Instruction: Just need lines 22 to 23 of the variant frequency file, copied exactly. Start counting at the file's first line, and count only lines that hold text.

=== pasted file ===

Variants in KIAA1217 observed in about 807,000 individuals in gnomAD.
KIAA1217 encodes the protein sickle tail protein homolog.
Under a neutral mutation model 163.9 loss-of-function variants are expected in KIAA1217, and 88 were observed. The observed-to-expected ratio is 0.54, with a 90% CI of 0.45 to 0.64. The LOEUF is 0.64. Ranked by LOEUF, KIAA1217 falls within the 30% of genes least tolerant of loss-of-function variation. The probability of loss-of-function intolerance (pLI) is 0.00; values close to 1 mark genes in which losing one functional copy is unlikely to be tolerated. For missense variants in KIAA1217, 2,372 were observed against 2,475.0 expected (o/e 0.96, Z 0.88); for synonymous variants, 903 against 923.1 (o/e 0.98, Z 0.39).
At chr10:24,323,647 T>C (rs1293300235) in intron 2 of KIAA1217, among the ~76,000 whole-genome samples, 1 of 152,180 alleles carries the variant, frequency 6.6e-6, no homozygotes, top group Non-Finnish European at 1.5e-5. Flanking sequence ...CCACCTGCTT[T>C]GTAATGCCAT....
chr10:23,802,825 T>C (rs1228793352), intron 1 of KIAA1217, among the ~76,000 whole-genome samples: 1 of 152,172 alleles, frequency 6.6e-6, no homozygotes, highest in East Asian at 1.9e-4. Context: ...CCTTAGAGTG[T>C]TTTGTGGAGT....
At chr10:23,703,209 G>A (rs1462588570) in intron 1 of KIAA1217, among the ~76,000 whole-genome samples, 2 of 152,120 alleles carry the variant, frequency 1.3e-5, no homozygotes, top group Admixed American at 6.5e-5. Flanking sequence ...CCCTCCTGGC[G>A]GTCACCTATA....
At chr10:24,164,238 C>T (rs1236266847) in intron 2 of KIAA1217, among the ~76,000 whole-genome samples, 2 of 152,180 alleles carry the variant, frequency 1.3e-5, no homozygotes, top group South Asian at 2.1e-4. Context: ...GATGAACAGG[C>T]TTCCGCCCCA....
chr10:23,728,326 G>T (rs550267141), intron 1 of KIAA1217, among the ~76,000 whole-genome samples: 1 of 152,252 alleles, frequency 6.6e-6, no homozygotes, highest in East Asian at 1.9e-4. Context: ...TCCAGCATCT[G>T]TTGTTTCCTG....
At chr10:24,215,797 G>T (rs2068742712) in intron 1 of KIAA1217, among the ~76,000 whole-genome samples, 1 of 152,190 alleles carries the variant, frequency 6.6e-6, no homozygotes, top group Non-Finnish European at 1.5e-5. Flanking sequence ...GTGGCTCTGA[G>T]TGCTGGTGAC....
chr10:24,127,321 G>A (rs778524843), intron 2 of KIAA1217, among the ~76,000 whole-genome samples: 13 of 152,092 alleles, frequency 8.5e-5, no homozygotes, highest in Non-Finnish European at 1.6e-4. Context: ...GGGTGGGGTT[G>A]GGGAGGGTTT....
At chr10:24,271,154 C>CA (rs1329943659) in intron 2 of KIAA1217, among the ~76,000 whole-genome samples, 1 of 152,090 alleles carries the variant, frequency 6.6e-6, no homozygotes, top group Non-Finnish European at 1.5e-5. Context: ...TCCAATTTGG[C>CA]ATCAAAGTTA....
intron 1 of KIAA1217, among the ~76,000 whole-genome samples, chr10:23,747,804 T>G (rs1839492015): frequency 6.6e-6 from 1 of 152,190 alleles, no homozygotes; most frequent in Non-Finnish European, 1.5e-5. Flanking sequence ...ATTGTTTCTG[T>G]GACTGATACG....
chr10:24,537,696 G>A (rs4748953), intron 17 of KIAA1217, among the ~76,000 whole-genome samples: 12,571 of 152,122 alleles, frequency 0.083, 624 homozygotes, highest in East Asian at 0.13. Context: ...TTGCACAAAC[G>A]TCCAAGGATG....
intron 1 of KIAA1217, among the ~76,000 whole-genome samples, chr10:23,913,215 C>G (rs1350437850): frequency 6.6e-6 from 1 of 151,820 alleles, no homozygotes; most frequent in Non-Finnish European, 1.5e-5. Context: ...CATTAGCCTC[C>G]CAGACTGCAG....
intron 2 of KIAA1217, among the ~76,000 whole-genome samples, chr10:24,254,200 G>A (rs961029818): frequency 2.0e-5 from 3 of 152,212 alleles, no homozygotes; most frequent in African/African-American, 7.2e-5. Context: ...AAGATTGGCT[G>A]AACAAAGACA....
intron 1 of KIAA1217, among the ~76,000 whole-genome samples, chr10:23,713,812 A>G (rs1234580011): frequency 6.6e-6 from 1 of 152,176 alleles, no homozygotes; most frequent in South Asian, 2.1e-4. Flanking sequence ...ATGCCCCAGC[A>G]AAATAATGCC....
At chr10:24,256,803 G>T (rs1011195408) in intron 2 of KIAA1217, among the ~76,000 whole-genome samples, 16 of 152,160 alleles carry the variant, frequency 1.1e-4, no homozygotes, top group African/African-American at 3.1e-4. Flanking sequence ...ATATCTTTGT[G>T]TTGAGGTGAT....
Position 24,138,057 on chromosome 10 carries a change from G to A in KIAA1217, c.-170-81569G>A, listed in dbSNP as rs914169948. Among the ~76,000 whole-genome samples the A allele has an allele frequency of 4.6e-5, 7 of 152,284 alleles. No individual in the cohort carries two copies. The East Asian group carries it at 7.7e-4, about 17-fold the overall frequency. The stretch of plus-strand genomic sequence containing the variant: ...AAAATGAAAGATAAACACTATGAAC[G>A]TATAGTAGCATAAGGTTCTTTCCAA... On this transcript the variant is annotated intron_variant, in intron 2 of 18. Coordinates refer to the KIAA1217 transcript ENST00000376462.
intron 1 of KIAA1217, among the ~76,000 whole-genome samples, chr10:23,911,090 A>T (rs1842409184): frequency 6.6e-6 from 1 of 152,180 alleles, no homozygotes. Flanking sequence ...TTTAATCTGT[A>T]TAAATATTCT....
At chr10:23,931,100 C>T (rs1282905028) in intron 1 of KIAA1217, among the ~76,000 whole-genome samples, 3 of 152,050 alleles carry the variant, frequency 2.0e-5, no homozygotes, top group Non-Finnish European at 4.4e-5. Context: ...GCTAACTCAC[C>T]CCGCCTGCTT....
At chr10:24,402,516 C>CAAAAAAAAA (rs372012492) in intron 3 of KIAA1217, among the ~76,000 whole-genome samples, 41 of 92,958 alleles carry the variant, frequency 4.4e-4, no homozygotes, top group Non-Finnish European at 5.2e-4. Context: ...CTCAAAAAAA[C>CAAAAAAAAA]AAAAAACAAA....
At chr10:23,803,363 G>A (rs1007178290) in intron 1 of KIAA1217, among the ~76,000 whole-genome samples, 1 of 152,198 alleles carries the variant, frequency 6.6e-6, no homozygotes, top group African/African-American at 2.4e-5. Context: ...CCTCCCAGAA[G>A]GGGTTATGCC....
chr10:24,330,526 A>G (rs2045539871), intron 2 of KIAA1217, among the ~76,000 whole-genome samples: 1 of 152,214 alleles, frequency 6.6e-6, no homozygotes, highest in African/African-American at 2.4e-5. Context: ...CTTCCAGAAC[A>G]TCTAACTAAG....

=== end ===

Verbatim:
At chr10:23,803,363 G>A (rs1007178290) in intron 1 of KIAA1217, among the ~76,000 whole-genome samples, 1 of 152,198 alleles carries the variant, frequency 6.6e-6, no homozygotes, top group African/African-American at 2.4e-5. Context: ...CCTCCCAGAA[G>A]GGGTTATGCC....
chr10:24,330,526 A>G (rs2045539871), intron 2 of KIAA1217, among the ~76,000 whole-genome samples: 1 of 152,214 alleles, frequency 6.6e-6, no homozygotes, highest in African/African-American at 2.4e-5. Context: ...CTTCCAGAAC[A>G]TCTAACTAAG....